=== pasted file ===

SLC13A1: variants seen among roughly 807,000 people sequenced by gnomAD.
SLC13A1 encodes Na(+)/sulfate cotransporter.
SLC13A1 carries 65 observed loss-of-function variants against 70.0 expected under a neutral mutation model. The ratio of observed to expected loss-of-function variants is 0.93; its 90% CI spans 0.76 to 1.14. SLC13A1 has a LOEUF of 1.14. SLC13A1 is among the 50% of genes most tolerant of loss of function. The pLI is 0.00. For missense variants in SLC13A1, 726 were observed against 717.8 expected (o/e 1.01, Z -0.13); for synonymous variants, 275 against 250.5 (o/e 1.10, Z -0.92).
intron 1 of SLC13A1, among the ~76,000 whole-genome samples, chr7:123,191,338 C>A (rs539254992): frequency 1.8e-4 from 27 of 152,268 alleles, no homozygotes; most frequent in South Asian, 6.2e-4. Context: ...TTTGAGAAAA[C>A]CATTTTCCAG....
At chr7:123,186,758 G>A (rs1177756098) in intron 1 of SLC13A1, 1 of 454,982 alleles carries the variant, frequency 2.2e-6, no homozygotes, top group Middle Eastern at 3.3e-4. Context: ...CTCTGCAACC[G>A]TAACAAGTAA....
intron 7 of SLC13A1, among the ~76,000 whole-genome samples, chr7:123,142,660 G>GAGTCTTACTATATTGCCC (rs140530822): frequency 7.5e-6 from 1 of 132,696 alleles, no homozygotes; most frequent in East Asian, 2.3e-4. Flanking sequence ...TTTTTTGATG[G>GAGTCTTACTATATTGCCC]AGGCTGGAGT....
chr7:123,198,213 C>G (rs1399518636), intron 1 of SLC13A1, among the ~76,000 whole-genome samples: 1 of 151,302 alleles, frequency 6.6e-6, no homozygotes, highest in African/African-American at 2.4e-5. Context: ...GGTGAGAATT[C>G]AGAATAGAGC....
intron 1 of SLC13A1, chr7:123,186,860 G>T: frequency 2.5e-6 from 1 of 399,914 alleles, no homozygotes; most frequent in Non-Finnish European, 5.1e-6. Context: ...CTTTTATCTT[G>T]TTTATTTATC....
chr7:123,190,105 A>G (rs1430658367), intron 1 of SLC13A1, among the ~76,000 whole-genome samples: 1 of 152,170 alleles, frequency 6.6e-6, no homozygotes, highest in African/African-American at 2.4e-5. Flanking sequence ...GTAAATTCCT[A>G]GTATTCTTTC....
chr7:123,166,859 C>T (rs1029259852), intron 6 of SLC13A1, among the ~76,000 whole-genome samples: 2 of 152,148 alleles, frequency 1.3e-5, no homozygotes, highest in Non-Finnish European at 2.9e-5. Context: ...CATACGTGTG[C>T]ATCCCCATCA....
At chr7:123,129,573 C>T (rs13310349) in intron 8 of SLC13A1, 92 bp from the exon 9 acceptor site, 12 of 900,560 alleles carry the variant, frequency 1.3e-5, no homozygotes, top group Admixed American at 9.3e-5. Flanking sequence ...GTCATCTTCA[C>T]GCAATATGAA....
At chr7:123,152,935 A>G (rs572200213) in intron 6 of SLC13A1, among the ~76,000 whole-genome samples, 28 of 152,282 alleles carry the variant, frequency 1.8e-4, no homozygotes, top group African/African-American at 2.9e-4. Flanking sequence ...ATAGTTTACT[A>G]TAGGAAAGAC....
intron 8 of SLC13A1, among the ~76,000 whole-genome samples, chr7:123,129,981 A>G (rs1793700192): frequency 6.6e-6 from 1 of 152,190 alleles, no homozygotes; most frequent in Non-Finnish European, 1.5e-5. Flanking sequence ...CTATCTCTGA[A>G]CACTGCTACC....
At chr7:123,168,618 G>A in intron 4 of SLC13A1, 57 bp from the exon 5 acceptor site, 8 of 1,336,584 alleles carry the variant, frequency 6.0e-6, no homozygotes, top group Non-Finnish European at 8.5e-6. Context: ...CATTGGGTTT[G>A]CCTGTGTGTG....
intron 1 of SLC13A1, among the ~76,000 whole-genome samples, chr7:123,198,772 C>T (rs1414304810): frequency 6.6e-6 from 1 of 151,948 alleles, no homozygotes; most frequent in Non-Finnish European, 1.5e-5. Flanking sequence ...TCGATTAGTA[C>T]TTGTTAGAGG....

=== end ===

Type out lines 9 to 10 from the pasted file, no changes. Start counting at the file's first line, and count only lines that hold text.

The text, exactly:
chr7:123,190,105 A>G (rs1430658367), intron 1 of SLC13A1, among the ~76,000 whole-genome samples: 1 of 152,170 alleles, frequency 6.6e-6, no homozygotes, highest in African/African-American at 2.4e-5. Flanking sequence ...GTAAATTCCT[A>G]GTATTCTTTC....
chr7:123,166,859 C>T (rs1029259852), intron 6 of SLC13A1, among the ~76,000 whole-genome samples: 2 of 152,148 alleles, frequency 1.3e-5, no homozygotes, highest in Non-Finnish European at 2.9e-5. Context: ...CATACGTGTG[C>T]ATCCCCATCA....